How to save on holiday shipping
Here's the fine print on free-shipping deals.
This post comes from Kelli B. Grant at partner site MarketWatch.
Oddly, the key sign that free-shipping promotions are better is that the size of each online order is shrinking even as total online sales rise. "Shoppers don't need to buy as much to get free shipping," says Jay Henderson, strategy director for IBM Smarter Commerce.
Online sales on Black Friday, for example, were up 21% overall, but the average individual order fell 4.7% to $181.22. Consumers also checked out with 12% fewer items in their carts, an average of 5.6, down from 6.4.
Free shipping has also become a competitive point for retailers looking to get more shoppers to buy. Sites have amped up the number of no-strings free-shipping offers to better compete, says Luke Knowles, founder of sale-tracking site FreeShipping.org.
The growing deals bode well for online shoppers looking to save, but there are still some considerations to weigh before checkout:
Compare available offers
More free-shipping offers kick in automatically at checkout, instead of requiring a coupon code, Knowles says. That's ideal, especially with sales in play. But some sites and promotions still depend on free shipping codes and limit shoppers to one discount code per order, forcing people to choose between using a code that gives them a discount off their order and one that gets them free shipping.
If that's the case, test both options to see which is more valuable, Knowles advises. Options like in-store pickup or site-to-store shipping, which are typically free, can also free up that coupon code for use as a discount.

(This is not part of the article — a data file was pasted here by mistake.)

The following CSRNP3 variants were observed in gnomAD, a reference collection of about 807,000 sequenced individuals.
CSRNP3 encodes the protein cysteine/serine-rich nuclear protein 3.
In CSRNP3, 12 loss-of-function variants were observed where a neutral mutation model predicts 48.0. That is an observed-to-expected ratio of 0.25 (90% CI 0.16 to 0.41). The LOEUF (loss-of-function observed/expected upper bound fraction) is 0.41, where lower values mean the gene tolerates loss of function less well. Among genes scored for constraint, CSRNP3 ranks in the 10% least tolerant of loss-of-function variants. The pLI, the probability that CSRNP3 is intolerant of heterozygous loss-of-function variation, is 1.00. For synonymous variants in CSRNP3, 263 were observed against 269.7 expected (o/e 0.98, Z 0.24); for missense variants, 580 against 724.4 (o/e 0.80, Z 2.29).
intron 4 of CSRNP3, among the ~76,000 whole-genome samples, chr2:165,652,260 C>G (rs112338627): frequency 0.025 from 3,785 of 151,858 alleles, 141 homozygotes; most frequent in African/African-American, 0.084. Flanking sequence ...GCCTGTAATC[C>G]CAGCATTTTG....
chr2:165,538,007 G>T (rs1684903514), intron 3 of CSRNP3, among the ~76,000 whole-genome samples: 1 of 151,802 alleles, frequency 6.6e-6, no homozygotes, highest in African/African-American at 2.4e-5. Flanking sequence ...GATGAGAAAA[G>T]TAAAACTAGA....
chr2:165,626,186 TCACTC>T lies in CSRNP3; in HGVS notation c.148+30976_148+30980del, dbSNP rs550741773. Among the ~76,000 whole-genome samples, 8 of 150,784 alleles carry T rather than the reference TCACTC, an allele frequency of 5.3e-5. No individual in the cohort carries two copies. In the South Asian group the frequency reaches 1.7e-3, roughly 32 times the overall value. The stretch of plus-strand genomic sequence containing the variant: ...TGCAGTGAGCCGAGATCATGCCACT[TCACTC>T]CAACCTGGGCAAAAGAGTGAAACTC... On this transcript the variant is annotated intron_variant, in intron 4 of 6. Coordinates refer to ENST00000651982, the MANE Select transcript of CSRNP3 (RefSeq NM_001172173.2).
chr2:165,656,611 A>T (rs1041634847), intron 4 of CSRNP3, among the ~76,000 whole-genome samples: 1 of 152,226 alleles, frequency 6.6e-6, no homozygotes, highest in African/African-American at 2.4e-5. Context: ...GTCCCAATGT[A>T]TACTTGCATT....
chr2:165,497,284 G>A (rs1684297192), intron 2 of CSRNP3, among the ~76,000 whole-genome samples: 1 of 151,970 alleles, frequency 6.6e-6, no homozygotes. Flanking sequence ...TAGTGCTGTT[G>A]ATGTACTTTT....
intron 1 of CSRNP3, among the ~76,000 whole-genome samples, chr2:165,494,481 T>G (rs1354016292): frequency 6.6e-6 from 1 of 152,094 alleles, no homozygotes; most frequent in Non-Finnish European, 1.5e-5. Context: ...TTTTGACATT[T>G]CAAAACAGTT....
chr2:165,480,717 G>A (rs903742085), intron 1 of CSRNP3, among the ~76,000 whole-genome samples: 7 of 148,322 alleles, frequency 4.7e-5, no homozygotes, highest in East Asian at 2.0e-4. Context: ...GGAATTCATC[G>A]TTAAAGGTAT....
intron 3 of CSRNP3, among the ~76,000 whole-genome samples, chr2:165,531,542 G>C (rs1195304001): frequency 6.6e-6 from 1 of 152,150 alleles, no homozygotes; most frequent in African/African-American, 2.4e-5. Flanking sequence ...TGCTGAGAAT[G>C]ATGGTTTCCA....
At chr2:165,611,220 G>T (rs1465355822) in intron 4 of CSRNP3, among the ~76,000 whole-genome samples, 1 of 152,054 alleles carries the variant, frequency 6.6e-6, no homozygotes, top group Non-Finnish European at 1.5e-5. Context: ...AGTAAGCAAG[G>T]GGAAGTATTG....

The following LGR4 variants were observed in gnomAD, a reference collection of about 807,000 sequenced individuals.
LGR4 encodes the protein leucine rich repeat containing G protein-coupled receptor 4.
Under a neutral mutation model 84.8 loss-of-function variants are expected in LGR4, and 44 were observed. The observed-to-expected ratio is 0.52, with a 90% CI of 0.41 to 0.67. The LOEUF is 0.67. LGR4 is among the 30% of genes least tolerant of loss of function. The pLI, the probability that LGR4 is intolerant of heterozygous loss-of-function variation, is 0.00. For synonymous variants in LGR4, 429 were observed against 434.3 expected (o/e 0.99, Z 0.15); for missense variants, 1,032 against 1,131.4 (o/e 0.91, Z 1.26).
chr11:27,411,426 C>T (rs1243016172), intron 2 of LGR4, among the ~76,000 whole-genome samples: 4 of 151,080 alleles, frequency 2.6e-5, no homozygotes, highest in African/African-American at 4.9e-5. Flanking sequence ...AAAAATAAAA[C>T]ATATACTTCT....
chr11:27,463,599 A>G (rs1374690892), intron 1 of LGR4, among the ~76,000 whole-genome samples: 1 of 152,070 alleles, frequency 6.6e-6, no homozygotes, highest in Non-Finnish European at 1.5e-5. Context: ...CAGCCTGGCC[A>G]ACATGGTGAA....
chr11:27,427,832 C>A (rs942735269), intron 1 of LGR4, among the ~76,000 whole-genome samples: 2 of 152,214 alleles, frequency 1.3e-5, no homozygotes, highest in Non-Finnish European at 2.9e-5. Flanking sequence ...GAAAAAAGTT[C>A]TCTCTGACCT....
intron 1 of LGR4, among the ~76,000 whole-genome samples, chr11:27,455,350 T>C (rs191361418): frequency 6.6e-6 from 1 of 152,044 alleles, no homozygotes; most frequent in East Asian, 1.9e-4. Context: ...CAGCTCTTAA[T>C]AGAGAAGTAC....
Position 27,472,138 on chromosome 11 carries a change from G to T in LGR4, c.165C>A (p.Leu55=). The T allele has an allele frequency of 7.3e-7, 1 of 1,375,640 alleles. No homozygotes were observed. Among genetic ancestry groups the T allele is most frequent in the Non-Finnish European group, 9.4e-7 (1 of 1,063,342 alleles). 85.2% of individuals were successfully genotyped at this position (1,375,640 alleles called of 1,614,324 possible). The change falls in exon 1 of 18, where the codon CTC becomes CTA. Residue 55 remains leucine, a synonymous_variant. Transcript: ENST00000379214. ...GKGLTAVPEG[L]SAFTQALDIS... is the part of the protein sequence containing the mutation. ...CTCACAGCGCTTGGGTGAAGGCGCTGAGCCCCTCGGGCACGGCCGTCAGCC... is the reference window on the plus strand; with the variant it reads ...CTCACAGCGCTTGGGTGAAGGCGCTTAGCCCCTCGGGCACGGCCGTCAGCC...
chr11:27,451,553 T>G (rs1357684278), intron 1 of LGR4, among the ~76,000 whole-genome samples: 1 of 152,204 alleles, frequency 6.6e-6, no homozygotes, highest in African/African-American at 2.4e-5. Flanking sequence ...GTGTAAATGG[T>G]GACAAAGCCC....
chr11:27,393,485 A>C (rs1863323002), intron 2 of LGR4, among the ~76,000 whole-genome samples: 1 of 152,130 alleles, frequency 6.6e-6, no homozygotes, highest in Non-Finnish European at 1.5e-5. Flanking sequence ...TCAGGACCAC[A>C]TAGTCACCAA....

Ship to gift recipients
If you're traveling for the holidays, it may be cheaper to use free-shipping offers to send gifts directly to, say, Mom and Dad's house instead of paying bag fees to haul them there in checked luggage, says George Hobica, founder of Airfarewatchdog.com.
With the exception of JetBlue and Southwest, U.S. airlines charge a fee for even one checked bag. That could set you back $14.99 to $45, depending on the airline and how far in advance you pay the fee, according to SmarterTravel.com. If the bag weighs more than 51 pounds, fees can add another $50 to $200.
Letting the store handle shipping is likely safer, too. Airlines' reimbursement for lost, stolen or damaged items in checked bags typically excludes electronics, jewelry and other gift-type items, Hobica says.
On orders where there is a shipping fee, look for options to cut the cost. Retailers including Wal-Mart and eBay have added same-day delivery options in recent months. Amazon.com is also testing a $7.99 monthly fee for its Prime service, which regularly costs $79 per year for free two-day shipping on all orders. In either case, the fees may work out to be cheaper than charges for fast shipping methods.
Check the delivery window
Picking a particular shipping speed doesn't mean you'll get that order in five to seven business days, or even overnight. A better gauge is the site's expected delivery window at checkout; most allow themselves a few days to process orders, says Jordy Leiser, the co-founder of customer service rating site StellaService. There may be later windows for popular items on order.
Some sites also institute cutoff times to have an order processed that day.
On the plus side, reports this year indicate most sites are getting packages to customers at the earlier end of their delivery windows. "The worst thing for retailers to do this time of year is to set a bar and then miss it," Leiser says.
More on MarketWatch and MSN Money:
- The elephant in Amazon's mail room
- What Starbucks' $7 coffee is really worth
- 3 tips for better holiday tipping
- MSN Local: This week's local circulars
- 25 ways to save on holiday shopping
- 10 tips to get the best price online
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